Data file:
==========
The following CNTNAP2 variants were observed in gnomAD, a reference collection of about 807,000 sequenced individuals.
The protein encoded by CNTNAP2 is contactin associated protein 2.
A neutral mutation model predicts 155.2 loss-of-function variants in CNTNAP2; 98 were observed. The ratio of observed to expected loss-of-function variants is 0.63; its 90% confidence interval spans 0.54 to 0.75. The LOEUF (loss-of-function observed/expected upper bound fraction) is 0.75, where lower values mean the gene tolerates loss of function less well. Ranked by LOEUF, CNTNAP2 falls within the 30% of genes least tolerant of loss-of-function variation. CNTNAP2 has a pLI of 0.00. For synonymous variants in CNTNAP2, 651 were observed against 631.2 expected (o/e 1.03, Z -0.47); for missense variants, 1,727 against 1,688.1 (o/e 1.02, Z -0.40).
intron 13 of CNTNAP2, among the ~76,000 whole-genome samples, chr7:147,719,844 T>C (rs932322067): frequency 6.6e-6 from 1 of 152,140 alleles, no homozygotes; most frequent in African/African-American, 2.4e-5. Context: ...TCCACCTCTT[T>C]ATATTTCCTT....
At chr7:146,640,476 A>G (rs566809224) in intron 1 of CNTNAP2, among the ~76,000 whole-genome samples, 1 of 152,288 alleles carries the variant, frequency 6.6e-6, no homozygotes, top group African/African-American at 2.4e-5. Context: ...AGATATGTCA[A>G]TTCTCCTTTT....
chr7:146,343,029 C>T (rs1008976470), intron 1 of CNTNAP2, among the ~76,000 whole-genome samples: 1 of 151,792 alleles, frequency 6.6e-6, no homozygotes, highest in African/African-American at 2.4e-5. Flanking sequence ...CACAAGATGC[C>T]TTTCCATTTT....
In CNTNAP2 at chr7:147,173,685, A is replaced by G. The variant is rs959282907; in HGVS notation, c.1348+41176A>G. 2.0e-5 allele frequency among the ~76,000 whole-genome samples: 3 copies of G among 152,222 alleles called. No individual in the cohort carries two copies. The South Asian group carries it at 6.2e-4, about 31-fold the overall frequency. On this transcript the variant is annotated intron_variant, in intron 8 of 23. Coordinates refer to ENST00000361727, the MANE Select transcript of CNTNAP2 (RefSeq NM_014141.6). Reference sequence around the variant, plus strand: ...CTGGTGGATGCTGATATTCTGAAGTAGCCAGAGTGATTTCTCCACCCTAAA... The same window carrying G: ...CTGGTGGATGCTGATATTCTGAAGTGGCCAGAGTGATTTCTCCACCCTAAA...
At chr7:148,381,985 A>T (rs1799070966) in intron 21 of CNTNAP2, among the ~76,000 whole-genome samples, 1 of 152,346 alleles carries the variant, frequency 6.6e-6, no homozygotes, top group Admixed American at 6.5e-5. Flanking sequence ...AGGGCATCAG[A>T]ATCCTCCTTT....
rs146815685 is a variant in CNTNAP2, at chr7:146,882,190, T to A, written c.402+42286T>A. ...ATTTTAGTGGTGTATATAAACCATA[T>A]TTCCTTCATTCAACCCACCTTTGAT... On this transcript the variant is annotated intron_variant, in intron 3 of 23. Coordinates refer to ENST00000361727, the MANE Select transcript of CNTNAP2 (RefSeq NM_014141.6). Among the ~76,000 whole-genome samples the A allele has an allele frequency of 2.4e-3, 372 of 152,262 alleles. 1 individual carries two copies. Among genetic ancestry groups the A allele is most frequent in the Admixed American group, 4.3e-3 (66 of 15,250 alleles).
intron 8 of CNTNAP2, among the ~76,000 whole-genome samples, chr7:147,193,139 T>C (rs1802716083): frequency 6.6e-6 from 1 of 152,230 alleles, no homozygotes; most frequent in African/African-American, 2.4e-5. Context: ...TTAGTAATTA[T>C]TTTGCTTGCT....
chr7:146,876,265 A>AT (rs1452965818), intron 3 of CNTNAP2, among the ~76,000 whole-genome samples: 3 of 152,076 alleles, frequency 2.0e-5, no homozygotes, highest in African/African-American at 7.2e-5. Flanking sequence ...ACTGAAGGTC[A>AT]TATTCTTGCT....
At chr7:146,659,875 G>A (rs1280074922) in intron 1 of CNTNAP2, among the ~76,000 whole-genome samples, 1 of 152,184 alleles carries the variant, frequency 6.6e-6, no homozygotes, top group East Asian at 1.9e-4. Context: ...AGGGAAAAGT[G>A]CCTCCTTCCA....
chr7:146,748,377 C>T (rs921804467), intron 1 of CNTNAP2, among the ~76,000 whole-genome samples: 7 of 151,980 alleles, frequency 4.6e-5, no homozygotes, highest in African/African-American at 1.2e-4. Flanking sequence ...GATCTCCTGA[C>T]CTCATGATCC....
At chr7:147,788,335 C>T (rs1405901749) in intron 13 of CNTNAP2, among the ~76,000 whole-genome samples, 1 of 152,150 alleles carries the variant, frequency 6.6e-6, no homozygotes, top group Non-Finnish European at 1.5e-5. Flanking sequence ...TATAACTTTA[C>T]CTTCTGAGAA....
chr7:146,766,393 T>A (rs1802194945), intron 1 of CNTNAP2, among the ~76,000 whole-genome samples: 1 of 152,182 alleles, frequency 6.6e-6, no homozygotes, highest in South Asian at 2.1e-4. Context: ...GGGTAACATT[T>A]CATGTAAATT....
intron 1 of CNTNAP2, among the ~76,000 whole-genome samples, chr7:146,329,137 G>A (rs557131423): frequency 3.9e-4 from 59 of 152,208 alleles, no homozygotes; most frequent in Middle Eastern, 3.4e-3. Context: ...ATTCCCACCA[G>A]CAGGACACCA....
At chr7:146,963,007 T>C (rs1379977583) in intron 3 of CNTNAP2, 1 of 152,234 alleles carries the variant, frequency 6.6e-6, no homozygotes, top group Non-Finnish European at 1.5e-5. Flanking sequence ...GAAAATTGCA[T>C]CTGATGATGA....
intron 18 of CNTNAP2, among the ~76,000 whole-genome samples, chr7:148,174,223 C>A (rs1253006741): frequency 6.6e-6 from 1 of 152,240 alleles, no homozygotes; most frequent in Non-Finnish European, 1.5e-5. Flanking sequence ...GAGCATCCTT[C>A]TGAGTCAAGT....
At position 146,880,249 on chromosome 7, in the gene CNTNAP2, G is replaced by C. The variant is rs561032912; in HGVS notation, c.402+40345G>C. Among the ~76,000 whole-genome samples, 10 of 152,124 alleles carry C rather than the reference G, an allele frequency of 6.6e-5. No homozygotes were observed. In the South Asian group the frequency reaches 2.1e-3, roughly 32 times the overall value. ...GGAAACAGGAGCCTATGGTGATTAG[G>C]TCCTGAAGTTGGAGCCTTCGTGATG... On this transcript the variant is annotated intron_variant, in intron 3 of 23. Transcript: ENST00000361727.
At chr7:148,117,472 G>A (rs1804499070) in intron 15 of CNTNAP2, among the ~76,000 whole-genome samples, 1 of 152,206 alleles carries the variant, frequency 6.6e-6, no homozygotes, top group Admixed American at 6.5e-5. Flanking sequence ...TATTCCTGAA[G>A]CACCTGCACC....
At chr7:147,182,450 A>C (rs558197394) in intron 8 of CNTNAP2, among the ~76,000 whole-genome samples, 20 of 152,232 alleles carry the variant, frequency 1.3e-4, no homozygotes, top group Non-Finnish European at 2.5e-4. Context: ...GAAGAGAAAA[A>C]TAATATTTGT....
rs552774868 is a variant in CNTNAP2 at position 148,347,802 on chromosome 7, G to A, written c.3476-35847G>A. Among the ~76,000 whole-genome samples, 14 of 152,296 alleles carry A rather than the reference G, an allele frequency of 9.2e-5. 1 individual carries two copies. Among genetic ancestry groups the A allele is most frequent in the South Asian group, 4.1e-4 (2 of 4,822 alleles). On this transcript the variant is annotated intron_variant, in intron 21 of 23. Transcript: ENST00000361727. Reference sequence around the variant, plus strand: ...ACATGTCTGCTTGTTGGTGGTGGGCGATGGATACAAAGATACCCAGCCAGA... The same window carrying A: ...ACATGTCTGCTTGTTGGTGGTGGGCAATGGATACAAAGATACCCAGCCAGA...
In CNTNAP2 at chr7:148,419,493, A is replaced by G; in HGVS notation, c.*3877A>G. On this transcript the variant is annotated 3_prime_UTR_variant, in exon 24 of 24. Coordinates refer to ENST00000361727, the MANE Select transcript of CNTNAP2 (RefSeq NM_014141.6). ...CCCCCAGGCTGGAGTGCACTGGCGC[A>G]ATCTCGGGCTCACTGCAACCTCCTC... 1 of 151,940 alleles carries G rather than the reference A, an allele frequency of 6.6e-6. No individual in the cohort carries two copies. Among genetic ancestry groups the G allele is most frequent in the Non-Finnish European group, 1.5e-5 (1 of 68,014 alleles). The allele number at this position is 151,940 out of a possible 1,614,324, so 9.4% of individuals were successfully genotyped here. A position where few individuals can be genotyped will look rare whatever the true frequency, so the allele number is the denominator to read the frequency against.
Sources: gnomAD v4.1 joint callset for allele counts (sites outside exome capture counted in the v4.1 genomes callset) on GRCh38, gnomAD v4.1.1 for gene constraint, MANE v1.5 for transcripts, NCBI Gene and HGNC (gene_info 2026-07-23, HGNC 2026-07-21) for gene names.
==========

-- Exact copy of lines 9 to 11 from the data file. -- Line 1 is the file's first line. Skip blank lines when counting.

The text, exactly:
rs146815685 is a variant in CNTNAP2, at chr7:146,882,190, T to A, written c.402+42286T>A. ...ATTTTAGTGGTGTATATAAACCATA[T>A]TTCCTTCATTCAACCCACCTTTGAT... On this transcript the variant is annotated intron_variant, in intron 3 of 23. Coordinates refer to ENST00000361727, the MANE Select transcript of CNTNAP2 (RefSeq NM_014141.6). Among the ~76,000 whole-genome samples the A allele has an allele frequency of 2.4e-3, 372 of 152,262 alleles. 1 individual carries two copies. Among genetic ancestry groups the A allele is most frequent in the Admixed American group, 4.3e-3 (66 of 15,250 alleles).
intron 8 of CNTNAP2, among the ~76,000 whole-genome samples, chr7:147,193,139 T>C (rs1802716083): frequency 6.6e-6 from 1 of 152,230 alleles, no homozygotes; most frequent in African/African-American, 2.4e-5. Context: ...TTAGTAATTA[T>C]TTTGCTTGCT....
chr7:146,876,265 A>AT (rs1452965818), intron 3 of CNTNAP2, among the ~76,000 whole-genome samples: 3 of 152,076 alleles, frequency 2.0e-5, no homozygotes, highest in African/African-American at 7.2e-5. Flanking sequence ...ACTGAAGGTC[A>AT]TATTCTTGCT....